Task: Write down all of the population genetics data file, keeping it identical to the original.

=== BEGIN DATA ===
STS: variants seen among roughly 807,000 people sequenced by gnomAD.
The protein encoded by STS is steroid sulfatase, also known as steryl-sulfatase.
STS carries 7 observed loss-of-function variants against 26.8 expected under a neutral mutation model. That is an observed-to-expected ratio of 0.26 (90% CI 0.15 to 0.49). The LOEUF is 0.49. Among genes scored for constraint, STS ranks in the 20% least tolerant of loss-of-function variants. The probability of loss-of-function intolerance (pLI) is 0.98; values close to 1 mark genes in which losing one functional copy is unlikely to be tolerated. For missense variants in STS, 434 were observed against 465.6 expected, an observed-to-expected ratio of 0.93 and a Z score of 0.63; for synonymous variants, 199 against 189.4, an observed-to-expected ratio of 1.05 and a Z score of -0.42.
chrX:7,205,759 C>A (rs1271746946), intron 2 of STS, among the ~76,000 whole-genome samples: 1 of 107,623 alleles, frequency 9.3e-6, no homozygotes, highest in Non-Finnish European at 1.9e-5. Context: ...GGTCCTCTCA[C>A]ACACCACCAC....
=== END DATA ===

STS: variants seen among roughly 807,000 people sequenced by gnomAD.
The protein encoded by STS is steroid sulfatase, also known as steryl-sulfatase.
STS carries 7 observed loss-of-function variants against 26.8 expected under a neutral mutation model. That is an observed-to-expected ratio of 0.26 (90% CI 0.15 to 0.49). The LOEUF is 0.49. Among genes scored for constraint, STS ranks in the 20% least tolerant of loss-of-function variants. The probability of loss-of-function intolerance (pLI) is 0.98; values close to 1 mark genes in which losing one functional copy is unlikely to be tolerated. For missense variants in STS, 434 were observed against 465.6 expected, an observed-to-expected ratio of 0.93 and a Z score of 0.63; for synonymous variants, 199 against 189.4, an observed-to-expected ratio of 1.05 and a Z score of -0.42.
chrX:7,205,759 C>A (rs1271746946), intron 2 of STS, among the ~76,000 whole-genome samples: 1 of 107,623 alleles, frequency 9.3e-6, no homozygotes, highest in Non-Finnish European at 1.9e-5. Context: ...GGTCCTCTCA[C>A]ACACCACCAC....